Page:American Journal of Sociology Volume 11.djvu/266
250 THE AMERICAN JOURNAL OF SOCIOLOGY
meant, above all else, that the life of her people could receive the form, which she had so skilfully developed, only as a means to an end, not as an end in itself; only as a great experiment, not as a finish to all things.
And every institution is like Rome. Every institution is a product of the skepticism that makes material things out of human conceits or personal effects; every institution enters life through the solvent of Stoicism and Epicureanism; and every institution is bound to be converted to Christianity. However large the scale, then, or however small, the institution shows society answering its question about human life, not dogmati- cally, but experimentally; and, in giving form to its answer, depending, as Rome depended, on the double sanction of duty and pleasure. Habits, methods, characters, tools, as well as laws and governments, are institutions.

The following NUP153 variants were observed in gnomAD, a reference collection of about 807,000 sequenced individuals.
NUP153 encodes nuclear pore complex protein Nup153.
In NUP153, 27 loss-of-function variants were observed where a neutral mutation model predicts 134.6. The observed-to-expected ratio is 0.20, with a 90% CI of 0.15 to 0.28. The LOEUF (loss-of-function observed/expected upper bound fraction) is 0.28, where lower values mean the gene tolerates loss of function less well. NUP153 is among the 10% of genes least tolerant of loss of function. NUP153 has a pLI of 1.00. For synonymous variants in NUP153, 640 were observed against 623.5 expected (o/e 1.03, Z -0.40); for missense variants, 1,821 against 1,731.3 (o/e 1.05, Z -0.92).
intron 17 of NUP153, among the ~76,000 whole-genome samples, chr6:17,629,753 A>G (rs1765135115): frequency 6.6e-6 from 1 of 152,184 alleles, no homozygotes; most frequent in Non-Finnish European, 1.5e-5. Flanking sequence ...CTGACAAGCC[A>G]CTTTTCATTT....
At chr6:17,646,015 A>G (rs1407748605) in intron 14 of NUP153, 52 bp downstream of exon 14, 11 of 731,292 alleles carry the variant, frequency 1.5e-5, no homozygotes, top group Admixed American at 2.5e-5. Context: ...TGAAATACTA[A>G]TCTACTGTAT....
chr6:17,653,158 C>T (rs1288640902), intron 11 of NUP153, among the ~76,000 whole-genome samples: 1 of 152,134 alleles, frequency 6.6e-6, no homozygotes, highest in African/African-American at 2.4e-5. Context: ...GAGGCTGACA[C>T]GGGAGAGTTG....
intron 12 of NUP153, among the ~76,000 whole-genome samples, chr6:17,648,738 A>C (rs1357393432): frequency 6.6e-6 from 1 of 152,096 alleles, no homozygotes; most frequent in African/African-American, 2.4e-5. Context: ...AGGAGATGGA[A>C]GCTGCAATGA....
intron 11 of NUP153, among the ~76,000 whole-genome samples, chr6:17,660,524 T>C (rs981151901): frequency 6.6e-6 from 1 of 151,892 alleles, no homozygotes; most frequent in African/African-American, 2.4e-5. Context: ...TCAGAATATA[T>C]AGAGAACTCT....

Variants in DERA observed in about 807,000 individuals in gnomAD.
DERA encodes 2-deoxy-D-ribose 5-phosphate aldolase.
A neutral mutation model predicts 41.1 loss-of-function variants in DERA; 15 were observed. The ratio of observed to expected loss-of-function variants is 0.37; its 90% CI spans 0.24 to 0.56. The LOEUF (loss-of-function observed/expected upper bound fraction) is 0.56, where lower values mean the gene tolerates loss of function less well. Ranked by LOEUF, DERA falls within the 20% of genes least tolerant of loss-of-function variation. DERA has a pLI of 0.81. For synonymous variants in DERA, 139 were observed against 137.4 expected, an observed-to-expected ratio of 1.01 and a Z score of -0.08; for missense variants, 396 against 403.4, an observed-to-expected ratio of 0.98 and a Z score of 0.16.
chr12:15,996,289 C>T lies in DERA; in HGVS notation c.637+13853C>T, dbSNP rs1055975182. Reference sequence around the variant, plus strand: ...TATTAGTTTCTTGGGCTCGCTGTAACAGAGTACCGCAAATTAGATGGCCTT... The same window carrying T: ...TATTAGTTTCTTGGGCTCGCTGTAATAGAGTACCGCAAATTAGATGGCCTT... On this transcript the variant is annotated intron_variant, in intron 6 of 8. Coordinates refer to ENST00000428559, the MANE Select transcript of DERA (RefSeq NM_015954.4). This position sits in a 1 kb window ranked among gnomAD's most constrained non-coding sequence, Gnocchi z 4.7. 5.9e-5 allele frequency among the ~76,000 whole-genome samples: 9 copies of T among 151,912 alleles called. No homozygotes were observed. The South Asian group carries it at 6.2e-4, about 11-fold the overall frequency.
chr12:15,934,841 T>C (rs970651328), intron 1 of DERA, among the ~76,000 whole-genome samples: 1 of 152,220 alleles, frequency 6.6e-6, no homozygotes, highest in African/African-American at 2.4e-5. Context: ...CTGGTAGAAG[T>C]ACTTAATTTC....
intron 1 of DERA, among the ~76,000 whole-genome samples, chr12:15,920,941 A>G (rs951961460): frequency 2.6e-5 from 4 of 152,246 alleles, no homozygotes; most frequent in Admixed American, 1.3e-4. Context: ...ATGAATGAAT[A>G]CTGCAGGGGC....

But, thirdly and lastly, the attitude or spirit of science is also satisfying to the ethical question. The " study of the condi- tions of action manifested in the course of action " is not a mere way to morality; it is itself a part of morality. The treatment, too, of all the developed forms of experience as means, not ends ; as instruments of experimentation, not completed and intrinsi- cally valuable products, is also positively moral; it is not more and not less moral than the ethical question itself, to which the experimental forms are given in reply. The question is a leading question, first, because its answer must spring from the conditions under which it has been formulated; and, second, because as a question it can receive only a tentative answer. It calls for hon- esty as well as for an answer, and any answer, as was indeed asserted almost at the beginning of the present paper, would grossly betray this call, if more than tentative. Can life even court finality? Its ever-rising conflict between the old and the new may make it ask and seek, but it can find only to ask and seek again. Some is often much ; yet, much or little, some satis- fies not only for what it is, but also because it always calls for more. If you do not believe this, read your Dickens or the much-abused book of Genesis. The living spirit of science, then, is an important factor in the reply to ethical inquiry.